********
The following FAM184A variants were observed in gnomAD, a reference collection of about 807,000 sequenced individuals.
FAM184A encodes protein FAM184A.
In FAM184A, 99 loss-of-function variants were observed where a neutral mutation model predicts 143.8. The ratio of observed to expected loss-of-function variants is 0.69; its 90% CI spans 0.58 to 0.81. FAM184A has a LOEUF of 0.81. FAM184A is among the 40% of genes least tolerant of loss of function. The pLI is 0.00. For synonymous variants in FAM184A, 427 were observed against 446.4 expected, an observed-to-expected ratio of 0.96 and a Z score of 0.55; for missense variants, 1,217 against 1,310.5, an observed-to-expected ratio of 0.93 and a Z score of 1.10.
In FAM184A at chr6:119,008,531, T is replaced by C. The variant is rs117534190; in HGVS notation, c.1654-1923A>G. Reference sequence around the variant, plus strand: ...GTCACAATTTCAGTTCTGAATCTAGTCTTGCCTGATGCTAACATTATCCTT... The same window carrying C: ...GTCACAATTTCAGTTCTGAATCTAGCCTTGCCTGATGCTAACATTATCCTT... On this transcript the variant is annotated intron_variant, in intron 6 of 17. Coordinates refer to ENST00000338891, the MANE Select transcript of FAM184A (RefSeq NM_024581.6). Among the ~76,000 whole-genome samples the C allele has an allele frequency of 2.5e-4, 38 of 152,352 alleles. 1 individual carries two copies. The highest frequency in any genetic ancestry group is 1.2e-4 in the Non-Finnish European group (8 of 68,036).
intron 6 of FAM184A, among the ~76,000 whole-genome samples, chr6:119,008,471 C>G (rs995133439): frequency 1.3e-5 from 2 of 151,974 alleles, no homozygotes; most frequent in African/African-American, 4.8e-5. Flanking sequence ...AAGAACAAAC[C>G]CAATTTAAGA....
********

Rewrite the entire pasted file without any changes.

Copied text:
The following FAM184A variants were observed in gnomAD, a reference collection of about 807,000 sequenced individuals.
FAM184A encodes protein FAM184A.
In FAM184A, 99 loss-of-function variants were observed where a neutral mutation model predicts 143.8. The ratio of observed to expected loss-of-function variants is 0.69; its 90% CI spans 0.58 to 0.81. FAM184A has a LOEUF of 0.81. FAM184A is among the 40% of genes least tolerant of loss of function. The pLI is 0.00. For synonymous variants in FAM184A, 427 were observed against 446.4 expected, an observed-to-expected ratio of 0.96 and a Z score of 0.55; for missense variants, 1,217 against 1,310.5, an observed-to-expected ratio of 0.93 and a Z score of 1.10.
In FAM184A at chr6:119,008,531, T is replaced by C. The variant is rs117534190; in HGVS notation, c.1654-1923A>G. Reference sequence around the variant, plus strand: ...GTCACAATTTCAGTTCTGAATCTAGTCTTGCCTGATGCTAACATTATCCTT... The same window carrying C: ...GTCACAATTTCAGTTCTGAATCTAGCCTTGCCTGATGCTAACATTATCCTT... On this transcript the variant is annotated intron_variant, in intron 6 of 17. Coordinates refer to ENST00000338891, the MANE Select transcript of FAM184A (RefSeq NM_024581.6). Among the ~76,000 whole-genome samples the C allele has an allele frequency of 2.5e-4, 38 of 152,352 alleles. 1 individual carries two copies. The highest frequency in any genetic ancestry group is 1.2e-4 in the Non-Finnish European group (8 of 68,036).
intron 6 of FAM184A, among the ~76,000 whole-genome samples, chr6:119,008,471 C>G (rs995133439): frequency 1.3e-5 from 2 of 151,974 alleles, no homozygotes; most frequent in African/African-American, 4.8e-5. Flanking sequence ...AAGAACAAAC[C>G]CAATTTAAGA....